Thursday, September 12, 2013

Mop Job.

Back in July, this came across my pinterest feed:



Actually, it popped up several times. Was the universe -- or my pin-friends -- trying to send me a message that my house was a tip? Yes, I decided and saved the pin to my desktop, printed off a copy and stuck it to my fridge door. A perusal of my pinterest account indicates that I didn't actually pin it, so I have no idea who originated it.  This is unfortunate, because the creator deserves the credit for helping me finally getting -- and most importantly: keeping -- my house clean.

I am not a clutter bug. I like to have all the horizontal surfaces in my house naked. I find it stressful to have stacks or piles lying about. I throw out, recycle or donate a lot of stuff. The downsides of my willingness to purge are:
- I have a HUGE Oscar the Grouch style trash can in my kitchen that I regularly fill.
- The illusion of order lends itself to an aura of tidiness about my house, but doesn't necessarily translate into cleanliness.

Enter the schedule above.

"Do you wipe the bathroom counters EVERY day?" Zarf asked yesterday. He'd only just spotted the schedule on the fridge, even though it's printed on bright orange paper and there is nothing else hung there. My answer: No, because I honestly don't care about bathroom counters. Baby steps. I am making baby steps toward being a clean freak.

I have made a few amendments. I don't make beds, just my own. The boys have to make their beds if they want to earn computer time. Emptying the dishwasher is also a boy-completed task. I clean out the kitty litter every night. Laundry is really a daily chore.  On Mondays I do the bedrooms, since I'm not entirely sure what "deep vacuum" means in a house without carpet. On that day, beds are stripped and piles (rage inducing piles!) of books, clothes and toys are sorted and returned to their appropriate shelves or bins.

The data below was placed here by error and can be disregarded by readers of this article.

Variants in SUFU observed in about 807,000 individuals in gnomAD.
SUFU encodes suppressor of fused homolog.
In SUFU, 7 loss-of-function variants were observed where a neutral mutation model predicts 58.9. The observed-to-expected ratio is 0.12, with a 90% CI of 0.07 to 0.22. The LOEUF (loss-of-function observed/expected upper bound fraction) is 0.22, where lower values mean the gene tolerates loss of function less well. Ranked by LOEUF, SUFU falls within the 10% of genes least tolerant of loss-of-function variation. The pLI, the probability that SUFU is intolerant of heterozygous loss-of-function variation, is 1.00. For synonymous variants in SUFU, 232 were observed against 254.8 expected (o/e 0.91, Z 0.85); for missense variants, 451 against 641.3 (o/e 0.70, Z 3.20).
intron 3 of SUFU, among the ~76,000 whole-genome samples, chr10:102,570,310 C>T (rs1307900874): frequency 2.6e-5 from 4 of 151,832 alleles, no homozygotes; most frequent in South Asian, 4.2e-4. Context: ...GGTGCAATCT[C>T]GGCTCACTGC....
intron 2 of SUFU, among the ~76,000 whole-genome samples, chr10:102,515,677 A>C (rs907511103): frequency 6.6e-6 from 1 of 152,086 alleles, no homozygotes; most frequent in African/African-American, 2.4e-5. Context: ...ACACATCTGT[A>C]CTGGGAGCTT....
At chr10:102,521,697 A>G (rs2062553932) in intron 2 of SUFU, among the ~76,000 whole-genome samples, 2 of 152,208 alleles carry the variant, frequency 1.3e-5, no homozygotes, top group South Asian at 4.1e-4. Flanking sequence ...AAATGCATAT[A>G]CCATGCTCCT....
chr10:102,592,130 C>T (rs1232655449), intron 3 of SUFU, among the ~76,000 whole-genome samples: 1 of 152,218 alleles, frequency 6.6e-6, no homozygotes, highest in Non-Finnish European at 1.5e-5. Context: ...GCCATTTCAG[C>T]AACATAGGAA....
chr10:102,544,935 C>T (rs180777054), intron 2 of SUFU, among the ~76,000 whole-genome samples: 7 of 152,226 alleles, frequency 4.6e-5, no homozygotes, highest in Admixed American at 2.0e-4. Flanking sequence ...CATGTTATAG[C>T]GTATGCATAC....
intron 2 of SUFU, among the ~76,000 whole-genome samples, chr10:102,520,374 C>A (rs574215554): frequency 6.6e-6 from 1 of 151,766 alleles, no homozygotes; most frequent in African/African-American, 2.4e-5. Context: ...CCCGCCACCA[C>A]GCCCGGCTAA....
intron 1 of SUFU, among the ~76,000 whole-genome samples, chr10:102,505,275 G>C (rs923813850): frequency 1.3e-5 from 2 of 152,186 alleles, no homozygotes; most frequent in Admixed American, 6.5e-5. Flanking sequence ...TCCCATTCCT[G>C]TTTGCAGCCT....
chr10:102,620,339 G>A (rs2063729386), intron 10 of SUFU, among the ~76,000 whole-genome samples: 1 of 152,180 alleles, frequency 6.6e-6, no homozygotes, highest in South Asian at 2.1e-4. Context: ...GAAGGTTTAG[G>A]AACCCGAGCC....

It's been kind of costly becoming neater.

I bought a Swiffer duster and a sweeper. I owned a sweeper when it first came out in Canada, but I have no idea where it wound up. I probably chucked it on a whim after realizing that those disposable clothes are not cheap. Enter pin-spiration round 2: sewing reusable, washable alternatives. I have made five different variations and don't like any. I'm beginning to suspect all are over-engineered. A scrap of jersey knit fabric from an old t-shirt does the trick as well as anything.

My green clean mojo only goes so far. I'm not fucking around with homemade vinegar, baking soda, seltzer, and elbow grease concoctions. Better living through chemistry, as my husband always says. Quicker cleaning, too. Ergo, I have bought many types of cleaning chemical & ruined at least two pairs of pants. Stupid, bleach.